Another author who began publishing during the 1930s was Frank Sargeson, who wrote fiction. His writing took off after World War II with That Summer and Other Stories, and I Saw in My Dream. His works inspired writers like Maurice Duggan and Janet Frame, who had successful writing careers.
After World War II, there was a shift in the theme of literature to focus more on national pride, which started in poetry with A Book of New Zealand Verse by Allen Curnow. He went on to become a major figure in the New Zealand literary scene. Throughout the 1950s and 1960s, Curnow’s stories and the poetry of James K. Baxter were the most popular names in New Zealand writing. In the 1970s and 1980s, the style of poetry shifted more towards American ideas, particularly modernism and postmodernism. On the other side of things, in the 1960s, two non-fiction authors became popular: Maurice Gee and Maurice Shadbolt.
In the years leading up to the 21st century, short stories were a popular and important form of writing for New Zealanders of European descent. At the same time, there was an increase in the number of biographies that were published. Writing from this group became more diverse, with different areas being touched on.
Contributions of New Zealand Literature to the World
New Zealand’s unique literature features a wide range of themes and topics with excellent storytelling. Here are seven of our favorite contributions to global literature from New Zealand authors.
- The Bone People by Kari Hulme (1983): The story follows three different characters who are all isolated in some way. There is a reclusive artist, a child who is mute, and the foster parent of that mute child. The three characters form a bond but are separated by violence. The novel is unique in that it combines the cultures of Māori and New Zealanders of European descent. The novel was awarded the Booker Prize in 1985 and proved controversial for its themes of violence. While the story is polarizing, it is widely held to be a classic of New Zealand literature.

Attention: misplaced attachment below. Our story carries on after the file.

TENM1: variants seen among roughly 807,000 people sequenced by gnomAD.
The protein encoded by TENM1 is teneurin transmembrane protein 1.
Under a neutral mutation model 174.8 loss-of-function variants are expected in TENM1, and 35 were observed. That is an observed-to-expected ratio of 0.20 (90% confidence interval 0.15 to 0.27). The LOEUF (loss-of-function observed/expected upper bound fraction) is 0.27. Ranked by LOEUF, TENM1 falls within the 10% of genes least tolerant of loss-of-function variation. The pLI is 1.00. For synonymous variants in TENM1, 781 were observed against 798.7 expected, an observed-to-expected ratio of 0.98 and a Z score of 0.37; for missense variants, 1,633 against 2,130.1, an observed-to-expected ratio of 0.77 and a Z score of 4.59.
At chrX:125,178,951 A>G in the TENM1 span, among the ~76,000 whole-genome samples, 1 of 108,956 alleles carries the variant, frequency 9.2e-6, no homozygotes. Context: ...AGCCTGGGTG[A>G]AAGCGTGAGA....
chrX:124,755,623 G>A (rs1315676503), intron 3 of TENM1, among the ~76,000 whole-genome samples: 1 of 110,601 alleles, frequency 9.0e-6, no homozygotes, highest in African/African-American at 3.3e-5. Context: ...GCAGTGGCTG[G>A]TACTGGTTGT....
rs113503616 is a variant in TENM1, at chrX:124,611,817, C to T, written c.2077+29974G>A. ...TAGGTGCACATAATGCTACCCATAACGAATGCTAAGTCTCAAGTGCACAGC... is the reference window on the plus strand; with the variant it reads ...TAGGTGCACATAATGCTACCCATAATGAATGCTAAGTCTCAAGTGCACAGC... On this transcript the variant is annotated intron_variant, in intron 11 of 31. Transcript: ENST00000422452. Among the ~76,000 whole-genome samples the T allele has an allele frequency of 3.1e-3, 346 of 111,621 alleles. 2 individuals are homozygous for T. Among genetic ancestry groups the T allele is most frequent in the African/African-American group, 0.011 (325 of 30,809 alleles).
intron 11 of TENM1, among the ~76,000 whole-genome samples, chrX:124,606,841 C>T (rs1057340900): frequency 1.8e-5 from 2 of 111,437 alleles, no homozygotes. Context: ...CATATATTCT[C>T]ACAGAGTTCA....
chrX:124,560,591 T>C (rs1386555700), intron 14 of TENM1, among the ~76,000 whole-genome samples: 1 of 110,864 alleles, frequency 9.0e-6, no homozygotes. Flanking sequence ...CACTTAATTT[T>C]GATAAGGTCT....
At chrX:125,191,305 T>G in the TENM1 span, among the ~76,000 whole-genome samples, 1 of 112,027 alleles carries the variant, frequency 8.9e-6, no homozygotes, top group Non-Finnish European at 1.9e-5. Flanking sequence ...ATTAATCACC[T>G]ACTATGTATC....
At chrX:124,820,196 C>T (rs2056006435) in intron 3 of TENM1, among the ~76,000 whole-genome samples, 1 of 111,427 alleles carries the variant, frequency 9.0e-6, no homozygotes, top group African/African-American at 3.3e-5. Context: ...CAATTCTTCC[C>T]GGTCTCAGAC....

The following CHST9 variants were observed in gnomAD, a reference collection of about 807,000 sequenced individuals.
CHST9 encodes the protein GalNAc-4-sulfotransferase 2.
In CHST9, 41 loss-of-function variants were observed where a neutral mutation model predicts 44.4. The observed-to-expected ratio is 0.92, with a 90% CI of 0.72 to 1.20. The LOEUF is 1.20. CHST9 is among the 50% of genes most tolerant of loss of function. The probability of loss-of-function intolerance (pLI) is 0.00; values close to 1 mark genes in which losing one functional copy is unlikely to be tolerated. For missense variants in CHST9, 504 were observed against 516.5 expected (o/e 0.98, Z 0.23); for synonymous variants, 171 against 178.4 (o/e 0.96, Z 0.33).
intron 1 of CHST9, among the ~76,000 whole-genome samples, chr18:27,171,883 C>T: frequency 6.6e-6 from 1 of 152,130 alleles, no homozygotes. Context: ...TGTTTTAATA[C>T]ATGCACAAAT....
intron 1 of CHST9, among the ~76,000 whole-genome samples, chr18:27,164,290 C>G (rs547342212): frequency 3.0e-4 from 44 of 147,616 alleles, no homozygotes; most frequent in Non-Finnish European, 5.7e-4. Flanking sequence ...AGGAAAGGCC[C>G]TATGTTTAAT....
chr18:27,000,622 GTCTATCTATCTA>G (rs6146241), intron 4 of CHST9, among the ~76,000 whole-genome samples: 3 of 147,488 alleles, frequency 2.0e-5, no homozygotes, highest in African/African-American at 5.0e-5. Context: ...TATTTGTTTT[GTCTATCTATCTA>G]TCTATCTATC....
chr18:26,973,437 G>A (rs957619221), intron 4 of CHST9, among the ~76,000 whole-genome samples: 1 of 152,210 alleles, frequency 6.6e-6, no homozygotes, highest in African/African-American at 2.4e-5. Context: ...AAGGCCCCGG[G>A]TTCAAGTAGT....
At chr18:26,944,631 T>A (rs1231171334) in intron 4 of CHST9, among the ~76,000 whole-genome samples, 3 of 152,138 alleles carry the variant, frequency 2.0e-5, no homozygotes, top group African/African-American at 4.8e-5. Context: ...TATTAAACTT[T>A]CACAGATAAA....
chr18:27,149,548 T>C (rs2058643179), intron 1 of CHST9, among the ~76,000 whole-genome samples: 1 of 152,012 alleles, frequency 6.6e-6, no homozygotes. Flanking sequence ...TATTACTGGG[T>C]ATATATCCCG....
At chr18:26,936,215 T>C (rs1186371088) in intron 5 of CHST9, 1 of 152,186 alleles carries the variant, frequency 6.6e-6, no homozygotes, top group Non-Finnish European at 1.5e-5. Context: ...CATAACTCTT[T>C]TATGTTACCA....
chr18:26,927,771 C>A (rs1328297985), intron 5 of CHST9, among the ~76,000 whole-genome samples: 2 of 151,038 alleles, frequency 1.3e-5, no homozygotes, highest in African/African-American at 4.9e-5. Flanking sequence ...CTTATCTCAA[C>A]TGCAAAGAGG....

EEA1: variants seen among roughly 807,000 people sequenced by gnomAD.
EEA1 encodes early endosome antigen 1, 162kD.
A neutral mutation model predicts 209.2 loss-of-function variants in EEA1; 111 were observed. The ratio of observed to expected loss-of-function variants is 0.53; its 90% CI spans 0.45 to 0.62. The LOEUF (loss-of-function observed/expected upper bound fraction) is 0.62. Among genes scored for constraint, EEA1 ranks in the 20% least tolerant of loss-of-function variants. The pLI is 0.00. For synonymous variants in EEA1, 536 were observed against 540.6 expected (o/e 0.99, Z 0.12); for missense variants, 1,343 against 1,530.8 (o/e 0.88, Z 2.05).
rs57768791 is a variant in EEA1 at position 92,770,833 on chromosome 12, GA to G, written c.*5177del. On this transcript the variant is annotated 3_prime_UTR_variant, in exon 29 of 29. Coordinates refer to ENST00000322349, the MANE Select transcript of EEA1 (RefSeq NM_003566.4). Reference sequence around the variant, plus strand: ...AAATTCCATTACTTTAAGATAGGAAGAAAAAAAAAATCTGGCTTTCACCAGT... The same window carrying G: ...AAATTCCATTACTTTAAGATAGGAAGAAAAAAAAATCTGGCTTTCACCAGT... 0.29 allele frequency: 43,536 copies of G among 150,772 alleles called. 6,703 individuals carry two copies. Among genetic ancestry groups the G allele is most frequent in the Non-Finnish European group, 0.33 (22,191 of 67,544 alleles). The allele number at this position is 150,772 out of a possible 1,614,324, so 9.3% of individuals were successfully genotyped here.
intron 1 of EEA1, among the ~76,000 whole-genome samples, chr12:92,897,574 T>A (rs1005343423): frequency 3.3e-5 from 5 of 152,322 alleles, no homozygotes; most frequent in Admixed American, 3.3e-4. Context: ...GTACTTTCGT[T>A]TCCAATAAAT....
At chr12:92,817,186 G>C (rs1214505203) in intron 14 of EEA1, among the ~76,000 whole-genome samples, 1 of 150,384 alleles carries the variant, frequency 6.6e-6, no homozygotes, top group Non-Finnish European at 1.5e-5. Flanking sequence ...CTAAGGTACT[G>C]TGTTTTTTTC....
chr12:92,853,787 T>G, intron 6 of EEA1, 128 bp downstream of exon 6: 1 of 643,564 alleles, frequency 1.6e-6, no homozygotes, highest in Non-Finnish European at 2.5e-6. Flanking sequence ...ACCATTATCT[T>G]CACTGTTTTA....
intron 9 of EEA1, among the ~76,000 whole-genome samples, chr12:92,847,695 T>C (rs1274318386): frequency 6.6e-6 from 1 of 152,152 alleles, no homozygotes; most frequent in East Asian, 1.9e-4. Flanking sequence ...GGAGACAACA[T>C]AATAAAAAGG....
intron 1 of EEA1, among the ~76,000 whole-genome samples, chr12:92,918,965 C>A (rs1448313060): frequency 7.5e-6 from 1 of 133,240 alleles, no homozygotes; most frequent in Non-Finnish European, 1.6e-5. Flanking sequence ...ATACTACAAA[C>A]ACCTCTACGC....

- In a German Pension by Katherin Mansfield (1911): This is a series of short stories with satirical sketches, often focusing on the differences between the British and the German’s. The book got Mansfield widespread acclaim.
- Once Were Warriors by Alan Duff (1990): The story involves a Māori family living in urban New Zealand. It includes realistic depictions of domestic violence while following two Māori parents and their six children.
- Died in the Wool by Ngaio Marsh (1945): In this story, a well-known woman disappears before reappearing three months later, dead. The book is set on the South Island of New Zealand and was written by one of the most respected crime authors of that period.
- The Haunting by Margaret Mahy (1982): This is a fantasy story where a shy boy learns his family has a connection to spirits and their world. Mahy won a Carnegie Medal when the book was published.
- Owls Do Cry by Janet Frame (1957): The story follows two brothers dealing with money problems, disability, mental illness, and grief, all while trying to find somewhere to belong. This is often referred to as the first great fiction book by a New Zealand author.
- No Ordinary Sun by Hone Tuwhare (1964): This collection of poems was the first of its kind to be published by a Māori author and featured powerful images and political commentary.
In truth, we could fill multiple blog posts with the fantastic contributions of New Zealand literature to the world. The distinctive voices in New Zealand literature have a unique way of sharing a story.
What sets New Zealand’s literary scene apart in terms of its contributions to global literature is its unique perspectives. The distinctive voices in NZ literature are shaped by themes of maintaining indigenous traditions, isolation, and colonial life. However, New Zealand’s unique literature has grown over the last century into a representation of New Zealand pride while both covering politicized issues and providing inspiring stories.